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 Post subject: 6SN7 regen
PostPosted: Aug Mon 04, 2008 1:13 am 
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Joined: Aug Sun 03, 2008 3:59 pm
Posts: 16
Location: Bowling green KY
Hi all, I'm new to this forum, and relatively new to radio, in that I've been a licensed ham operator for just over a year, and have yet to make any on-air contacts. Homebrew Spirit (and total lack of funds) has kept me from getting any secondhand equipment, but I think I'll be fine with a regen and MOPA, at least for a while.

So, that aside, I'm currently building my third radio, hopefully the first one that works properly. I have a Regenerodyne, but have set it aside for the moment due to unsolvable selectivity problems. The superhet...well, don't ask. Double tuning was no problem, but the IF amp has me puzzled.

So this time, I've chosen the wildly popular 6SN7 regen as my "getting on the air" radio. It's a plug in coil design, for the AM BCB, 160M, 80M, and maybe 40M.

As for parts, I have a decent junkbox at my disposal. So far:

Three octal sockets
1 6SN7
1 12SN7
4 12L6
1 10EM7
Three octal bases (salvage from dud tubes)
1 AA5 tuning capacitor, with two ~25pF sections, 1 ~140pF section, and 1 ~300pF section. This is just eyeballing the thing, no actual measurements.
1 20pF air variable for bandspread, with 6:1 reduction vernier.
All kinds of magnet wire, from my transformer winding hobby
resistors and caps galore

And this schematic:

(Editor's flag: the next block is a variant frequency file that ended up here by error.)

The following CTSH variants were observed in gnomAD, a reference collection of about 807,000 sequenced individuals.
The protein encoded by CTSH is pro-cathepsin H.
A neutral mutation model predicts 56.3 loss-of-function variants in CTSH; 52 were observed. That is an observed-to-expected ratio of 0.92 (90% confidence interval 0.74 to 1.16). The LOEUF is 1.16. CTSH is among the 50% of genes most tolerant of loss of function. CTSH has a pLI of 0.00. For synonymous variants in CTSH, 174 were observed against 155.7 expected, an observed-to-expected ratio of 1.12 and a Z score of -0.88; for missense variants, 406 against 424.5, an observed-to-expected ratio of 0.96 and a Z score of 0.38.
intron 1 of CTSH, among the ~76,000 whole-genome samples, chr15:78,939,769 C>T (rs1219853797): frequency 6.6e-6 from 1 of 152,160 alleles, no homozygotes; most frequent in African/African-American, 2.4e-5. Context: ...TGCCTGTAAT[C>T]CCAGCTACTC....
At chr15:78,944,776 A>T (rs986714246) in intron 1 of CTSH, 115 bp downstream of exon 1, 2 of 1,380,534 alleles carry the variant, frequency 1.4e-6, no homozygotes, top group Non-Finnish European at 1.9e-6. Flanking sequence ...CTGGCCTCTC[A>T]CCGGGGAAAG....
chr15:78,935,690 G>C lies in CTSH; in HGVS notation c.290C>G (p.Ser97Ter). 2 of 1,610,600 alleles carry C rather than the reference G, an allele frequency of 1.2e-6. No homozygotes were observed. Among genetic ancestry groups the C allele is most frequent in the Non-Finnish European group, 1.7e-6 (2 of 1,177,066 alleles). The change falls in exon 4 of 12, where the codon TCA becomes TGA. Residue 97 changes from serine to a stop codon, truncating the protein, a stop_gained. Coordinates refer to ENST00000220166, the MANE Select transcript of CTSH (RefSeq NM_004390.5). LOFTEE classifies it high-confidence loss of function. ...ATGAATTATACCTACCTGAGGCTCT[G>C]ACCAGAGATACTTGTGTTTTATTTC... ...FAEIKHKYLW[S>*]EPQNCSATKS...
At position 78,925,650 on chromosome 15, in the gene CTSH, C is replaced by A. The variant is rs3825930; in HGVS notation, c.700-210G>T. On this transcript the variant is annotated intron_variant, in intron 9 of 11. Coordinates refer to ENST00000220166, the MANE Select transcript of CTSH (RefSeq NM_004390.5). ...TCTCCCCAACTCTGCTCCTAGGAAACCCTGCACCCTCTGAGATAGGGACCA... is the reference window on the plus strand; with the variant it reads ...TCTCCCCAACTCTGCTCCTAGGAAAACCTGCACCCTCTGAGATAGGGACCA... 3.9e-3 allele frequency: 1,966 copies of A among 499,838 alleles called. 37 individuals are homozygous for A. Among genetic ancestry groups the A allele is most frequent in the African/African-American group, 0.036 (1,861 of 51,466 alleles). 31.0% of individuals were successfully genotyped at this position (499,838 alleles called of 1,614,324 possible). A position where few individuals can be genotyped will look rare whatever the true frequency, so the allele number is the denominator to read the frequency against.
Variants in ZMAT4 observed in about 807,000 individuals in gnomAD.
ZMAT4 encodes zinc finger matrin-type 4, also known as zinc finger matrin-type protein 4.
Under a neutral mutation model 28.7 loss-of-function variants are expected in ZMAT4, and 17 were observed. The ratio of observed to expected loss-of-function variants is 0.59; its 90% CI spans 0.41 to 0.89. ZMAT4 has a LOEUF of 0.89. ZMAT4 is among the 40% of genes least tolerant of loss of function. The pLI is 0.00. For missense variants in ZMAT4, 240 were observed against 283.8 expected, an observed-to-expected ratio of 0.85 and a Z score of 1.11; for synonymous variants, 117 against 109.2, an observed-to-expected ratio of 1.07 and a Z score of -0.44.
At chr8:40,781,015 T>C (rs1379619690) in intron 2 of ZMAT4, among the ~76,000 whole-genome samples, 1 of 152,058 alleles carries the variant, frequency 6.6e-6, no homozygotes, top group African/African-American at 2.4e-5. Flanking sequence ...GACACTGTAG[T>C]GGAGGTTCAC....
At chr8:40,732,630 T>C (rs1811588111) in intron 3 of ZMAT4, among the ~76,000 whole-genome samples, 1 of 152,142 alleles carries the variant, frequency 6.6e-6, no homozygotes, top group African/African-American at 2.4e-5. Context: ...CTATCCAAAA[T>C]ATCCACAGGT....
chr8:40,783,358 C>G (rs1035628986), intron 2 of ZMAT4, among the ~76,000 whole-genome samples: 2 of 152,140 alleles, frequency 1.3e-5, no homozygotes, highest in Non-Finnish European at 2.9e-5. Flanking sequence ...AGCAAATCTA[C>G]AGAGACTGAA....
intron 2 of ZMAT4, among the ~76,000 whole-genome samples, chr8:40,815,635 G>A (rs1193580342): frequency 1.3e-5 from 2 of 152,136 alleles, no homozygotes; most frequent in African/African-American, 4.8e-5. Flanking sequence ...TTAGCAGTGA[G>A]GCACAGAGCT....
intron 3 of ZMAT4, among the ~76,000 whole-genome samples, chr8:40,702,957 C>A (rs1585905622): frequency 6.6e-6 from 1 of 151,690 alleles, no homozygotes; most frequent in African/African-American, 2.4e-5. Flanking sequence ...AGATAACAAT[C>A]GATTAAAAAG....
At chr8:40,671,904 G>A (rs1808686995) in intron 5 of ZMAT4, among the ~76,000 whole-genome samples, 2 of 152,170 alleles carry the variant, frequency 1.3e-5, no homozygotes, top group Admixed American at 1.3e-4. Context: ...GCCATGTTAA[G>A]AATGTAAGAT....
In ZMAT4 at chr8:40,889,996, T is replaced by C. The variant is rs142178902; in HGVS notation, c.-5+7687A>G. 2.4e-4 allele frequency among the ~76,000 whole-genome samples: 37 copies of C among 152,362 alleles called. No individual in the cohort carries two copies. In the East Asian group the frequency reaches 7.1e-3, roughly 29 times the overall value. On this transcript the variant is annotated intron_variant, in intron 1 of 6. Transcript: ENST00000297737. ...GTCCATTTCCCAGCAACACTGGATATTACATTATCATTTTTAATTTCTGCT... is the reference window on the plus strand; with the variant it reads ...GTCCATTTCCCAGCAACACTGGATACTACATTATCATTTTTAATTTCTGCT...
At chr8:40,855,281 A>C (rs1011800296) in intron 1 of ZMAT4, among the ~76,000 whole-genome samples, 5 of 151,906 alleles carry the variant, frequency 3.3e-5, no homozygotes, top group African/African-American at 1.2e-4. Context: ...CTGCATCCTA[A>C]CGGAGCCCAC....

http://www.qsl.net/ab0cw/6sn7sch.gif

I am planning to leave the RF and detector stages alone, but would like input as far as the Audio section. Will the detector output be strong enough to drive a 12L6, or do I need another stage of gain, available from a 10EM7 or 6SN7 (can get more of anything, given enough time.)

Will I need a vernier drive on the main tuning cap, or just on the 20pF bandspread?

Any other suggestions for a successful radio?

Jake, KI4YAN


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 Post subject:
PostPosted: Aug Tue 05, 2008 6:15 am 
Member

Joined: May Tue 30, 2006 8:34 pm
Posts: 169
Location: Akershus, Norway
Hi Jake! :)
I believe you have enough gain there for an output tube. Since your winding transformers, why not make the output tranny yourself and add a tapping suited for your headphones?
I also believe that a vernier on the bandspread will do the job good.
Good luck! :)


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 Post subject:
PostPosted: Aug Wed 06, 2008 12:04 am 
New Member

Joined: Aug Sun 03, 2008 3:59 pm
Posts: 16
Location: Bowling green KY
Just finished winding the power transformer, 6.3V 1.5A and 150V, 90mA. Anyone interested in finding power transformers like this, take a good read at http://geek.scorpiorising.ca/windingtransformers.html

and pick up a Radioshack P/N 273-1511, a spool of #32 and #20 magnet wire, a roll of insulating tape (masking tape works well if you are going to be polyurethane-ing the windings, glass tape if not.)

Wind 35 turns of #20AWG enameled wire, leave plenty for connecting up the leads. Cut a strip of insulating tape, and wrap two full turns. Wind 830 turns of #32AWG enameled wire and tape again, two full turns. Leave plenty for leads later.